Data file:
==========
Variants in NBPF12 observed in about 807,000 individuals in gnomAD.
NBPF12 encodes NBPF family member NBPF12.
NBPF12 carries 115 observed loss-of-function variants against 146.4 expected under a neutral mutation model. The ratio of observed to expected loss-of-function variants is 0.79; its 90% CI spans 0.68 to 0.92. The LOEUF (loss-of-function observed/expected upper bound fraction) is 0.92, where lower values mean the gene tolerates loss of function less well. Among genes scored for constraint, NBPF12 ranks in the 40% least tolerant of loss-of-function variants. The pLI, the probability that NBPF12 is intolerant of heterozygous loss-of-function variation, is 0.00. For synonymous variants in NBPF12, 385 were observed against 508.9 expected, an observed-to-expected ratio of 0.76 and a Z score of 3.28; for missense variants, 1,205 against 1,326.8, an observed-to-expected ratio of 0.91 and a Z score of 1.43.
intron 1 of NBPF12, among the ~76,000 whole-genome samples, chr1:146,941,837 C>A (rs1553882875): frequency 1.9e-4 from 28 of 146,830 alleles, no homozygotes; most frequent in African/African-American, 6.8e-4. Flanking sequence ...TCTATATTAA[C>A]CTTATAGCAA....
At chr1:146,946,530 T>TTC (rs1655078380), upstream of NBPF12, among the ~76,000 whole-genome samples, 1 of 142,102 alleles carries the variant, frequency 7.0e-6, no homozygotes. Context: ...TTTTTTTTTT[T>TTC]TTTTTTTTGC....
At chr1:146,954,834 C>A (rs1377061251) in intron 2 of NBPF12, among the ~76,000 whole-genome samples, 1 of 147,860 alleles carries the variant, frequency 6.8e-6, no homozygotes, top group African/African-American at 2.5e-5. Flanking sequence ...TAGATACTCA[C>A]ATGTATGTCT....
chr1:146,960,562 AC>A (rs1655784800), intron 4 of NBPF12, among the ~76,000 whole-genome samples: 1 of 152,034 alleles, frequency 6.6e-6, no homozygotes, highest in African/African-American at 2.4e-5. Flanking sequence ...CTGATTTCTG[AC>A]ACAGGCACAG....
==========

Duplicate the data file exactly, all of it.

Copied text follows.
Variants in NBPF12 observed in about 807,000 individuals in gnomAD.
NBPF12 encodes NBPF family member NBPF12.
NBPF12 carries 115 observed loss-of-function variants against 146.4 expected under a neutral mutation model. The ratio of observed to expected loss-of-function variants is 0.79; its 90% CI spans 0.68 to 0.92. The LOEUF (loss-of-function observed/expected upper bound fraction) is 0.92, where lower values mean the gene tolerates loss of function less well. Among genes scored for constraint, NBPF12 ranks in the 40% least tolerant of loss-of-function variants. The pLI, the probability that NBPF12 is intolerant of heterozygous loss-of-function variation, is 0.00. For synonymous variants in NBPF12, 385 were observed against 508.9 expected, an observed-to-expected ratio of 0.76 and a Z score of 3.28; for missense variants, 1,205 against 1,326.8, an observed-to-expected ratio of 0.91 and a Z score of 1.43.
intron 1 of NBPF12, among the ~76,000 whole-genome samples, chr1:146,941,837 C>A (rs1553882875): frequency 1.9e-4 from 28 of 146,830 alleles, no homozygotes; most frequent in African/African-American, 6.8e-4. Flanking sequence ...TCTATATTAA[C>A]CTTATAGCAA....
At chr1:146,946,530 T>TTC (rs1655078380), upstream of NBPF12, among the ~76,000 whole-genome samples, 1 of 142,102 alleles carries the variant, frequency 7.0e-6, no homozygotes. Context: ...TTTTTTTTTT[T>TTC]TTTTTTTTGC....
At chr1:146,954,834 C>A (rs1377061251) in intron 2 of NBPF12, among the ~76,000 whole-genome samples, 1 of 147,860 alleles carries the variant, frequency 6.8e-6, no homozygotes, top group African/African-American at 2.5e-5. Flanking sequence ...TAGATACTCA[C>A]ATGTATGTCT....
chr1:146,960,562 AC>A (rs1655784800), intron 4 of NBPF12, among the ~76,000 whole-genome samples: 1 of 152,034 alleles, frequency 6.6e-6, no homozygotes, highest in African/African-American at 2.4e-5. Flanking sequence ...CTGATTTCTG[AC>A]ACAGGCACAG....